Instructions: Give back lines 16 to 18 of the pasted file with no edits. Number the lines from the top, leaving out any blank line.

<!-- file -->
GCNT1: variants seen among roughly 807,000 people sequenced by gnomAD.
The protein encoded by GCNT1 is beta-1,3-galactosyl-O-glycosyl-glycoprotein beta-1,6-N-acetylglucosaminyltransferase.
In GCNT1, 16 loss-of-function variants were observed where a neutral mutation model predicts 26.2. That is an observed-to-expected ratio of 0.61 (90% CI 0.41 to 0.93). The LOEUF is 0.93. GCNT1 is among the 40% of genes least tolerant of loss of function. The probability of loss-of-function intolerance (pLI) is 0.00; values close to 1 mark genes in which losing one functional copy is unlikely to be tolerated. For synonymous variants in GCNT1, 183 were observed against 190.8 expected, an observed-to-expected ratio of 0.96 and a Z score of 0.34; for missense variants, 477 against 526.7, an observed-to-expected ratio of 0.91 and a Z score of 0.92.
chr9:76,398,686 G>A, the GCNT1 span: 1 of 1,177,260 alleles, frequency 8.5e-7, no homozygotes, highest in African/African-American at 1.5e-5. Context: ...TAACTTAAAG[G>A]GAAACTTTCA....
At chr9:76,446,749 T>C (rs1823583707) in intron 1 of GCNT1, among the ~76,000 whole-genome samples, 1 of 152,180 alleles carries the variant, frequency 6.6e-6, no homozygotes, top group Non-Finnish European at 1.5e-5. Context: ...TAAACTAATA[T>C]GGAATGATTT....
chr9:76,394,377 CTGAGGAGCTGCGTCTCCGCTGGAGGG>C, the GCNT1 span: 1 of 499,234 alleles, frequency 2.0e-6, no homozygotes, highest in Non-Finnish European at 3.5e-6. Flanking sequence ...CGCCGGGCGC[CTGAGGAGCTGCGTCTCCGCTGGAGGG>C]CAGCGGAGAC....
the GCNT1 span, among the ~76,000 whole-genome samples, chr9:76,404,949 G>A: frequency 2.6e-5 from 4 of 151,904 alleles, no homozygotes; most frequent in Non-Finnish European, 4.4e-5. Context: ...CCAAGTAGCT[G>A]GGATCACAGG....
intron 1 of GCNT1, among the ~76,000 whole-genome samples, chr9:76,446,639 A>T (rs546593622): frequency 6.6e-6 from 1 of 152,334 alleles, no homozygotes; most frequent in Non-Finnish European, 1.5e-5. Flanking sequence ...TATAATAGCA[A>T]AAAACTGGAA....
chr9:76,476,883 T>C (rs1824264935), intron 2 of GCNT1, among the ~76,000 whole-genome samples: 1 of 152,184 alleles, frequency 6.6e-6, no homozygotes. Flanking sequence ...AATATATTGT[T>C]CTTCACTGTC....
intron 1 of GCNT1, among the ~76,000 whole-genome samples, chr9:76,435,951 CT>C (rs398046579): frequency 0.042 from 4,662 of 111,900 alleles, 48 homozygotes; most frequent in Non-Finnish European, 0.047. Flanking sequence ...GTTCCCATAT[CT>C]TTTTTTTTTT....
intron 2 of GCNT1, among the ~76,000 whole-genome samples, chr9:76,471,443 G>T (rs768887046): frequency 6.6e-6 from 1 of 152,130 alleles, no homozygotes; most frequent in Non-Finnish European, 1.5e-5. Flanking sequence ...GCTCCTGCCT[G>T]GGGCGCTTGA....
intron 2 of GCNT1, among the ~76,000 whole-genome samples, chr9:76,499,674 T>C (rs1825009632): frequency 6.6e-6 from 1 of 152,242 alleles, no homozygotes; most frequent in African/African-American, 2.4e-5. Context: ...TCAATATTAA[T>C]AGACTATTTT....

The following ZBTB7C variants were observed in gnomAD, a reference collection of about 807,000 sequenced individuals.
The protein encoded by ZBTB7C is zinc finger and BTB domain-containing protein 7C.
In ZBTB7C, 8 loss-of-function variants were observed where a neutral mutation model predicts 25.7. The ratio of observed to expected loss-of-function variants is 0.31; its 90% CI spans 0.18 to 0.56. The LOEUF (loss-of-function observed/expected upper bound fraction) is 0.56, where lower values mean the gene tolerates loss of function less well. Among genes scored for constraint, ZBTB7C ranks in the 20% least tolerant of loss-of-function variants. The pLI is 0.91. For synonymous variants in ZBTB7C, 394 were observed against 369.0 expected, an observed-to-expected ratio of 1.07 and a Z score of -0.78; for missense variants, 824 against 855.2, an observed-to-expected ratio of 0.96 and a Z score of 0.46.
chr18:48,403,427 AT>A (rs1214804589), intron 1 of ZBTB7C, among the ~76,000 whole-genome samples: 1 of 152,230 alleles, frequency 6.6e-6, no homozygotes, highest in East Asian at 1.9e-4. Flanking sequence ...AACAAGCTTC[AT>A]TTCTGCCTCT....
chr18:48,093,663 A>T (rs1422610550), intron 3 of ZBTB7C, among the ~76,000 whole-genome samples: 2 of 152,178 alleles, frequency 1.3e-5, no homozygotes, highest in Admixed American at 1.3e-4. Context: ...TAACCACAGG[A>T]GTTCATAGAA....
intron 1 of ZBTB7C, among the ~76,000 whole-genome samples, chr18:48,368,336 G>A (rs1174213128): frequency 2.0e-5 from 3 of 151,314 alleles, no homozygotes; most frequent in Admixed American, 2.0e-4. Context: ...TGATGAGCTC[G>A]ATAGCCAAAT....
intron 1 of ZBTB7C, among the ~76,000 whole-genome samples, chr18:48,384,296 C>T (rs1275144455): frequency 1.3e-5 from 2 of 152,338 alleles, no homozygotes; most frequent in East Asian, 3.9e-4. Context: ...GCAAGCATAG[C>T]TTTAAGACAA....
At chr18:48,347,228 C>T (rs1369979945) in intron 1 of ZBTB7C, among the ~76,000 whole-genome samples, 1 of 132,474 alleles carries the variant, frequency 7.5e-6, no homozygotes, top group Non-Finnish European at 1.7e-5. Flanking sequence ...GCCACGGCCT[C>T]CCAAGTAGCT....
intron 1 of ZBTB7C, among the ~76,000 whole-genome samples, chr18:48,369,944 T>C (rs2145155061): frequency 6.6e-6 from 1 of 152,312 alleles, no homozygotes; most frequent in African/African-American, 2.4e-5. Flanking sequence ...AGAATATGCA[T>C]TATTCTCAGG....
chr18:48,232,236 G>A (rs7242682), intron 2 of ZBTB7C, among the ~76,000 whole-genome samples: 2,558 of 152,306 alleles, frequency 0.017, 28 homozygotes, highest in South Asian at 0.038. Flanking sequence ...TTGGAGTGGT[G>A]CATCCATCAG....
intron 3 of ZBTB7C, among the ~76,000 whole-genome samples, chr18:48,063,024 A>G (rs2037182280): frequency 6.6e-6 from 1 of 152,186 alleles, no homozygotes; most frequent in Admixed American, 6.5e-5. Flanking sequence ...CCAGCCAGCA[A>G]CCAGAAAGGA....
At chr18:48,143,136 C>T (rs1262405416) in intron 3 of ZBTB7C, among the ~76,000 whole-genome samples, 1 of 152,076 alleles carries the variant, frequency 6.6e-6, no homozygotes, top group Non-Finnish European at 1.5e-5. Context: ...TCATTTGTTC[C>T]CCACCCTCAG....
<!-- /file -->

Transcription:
chr18:48,403,427 AT>A (rs1214804589), intron 1 of ZBTB7C, among the ~76,000 whole-genome samples: 1 of 152,230 alleles, frequency 6.6e-6, no homozygotes, highest in East Asian at 1.9e-4. Flanking sequence ...AACAAGCTTC[AT>A]TTCTGCCTCT....
chr18:48,093,663 A>T (rs1422610550), intron 3 of ZBTB7C, among the ~76,000 whole-genome samples: 2 of 152,178 alleles, frequency 1.3e-5, no homozygotes, highest in Admixed American at 1.3e-4. Context: ...TAACCACAGG[A>T]GTTCATAGAA....
intron 1 of ZBTB7C, among the ~76,000 whole-genome samples, chr18:48,368,336 G>A (rs1174213128): frequency 2.0e-5 from 3 of 151,314 alleles, no homozygotes; most frequent in Admixed American, 2.0e-4. Context: ...TGATGAGCTC[G>A]ATAGCCAAAT....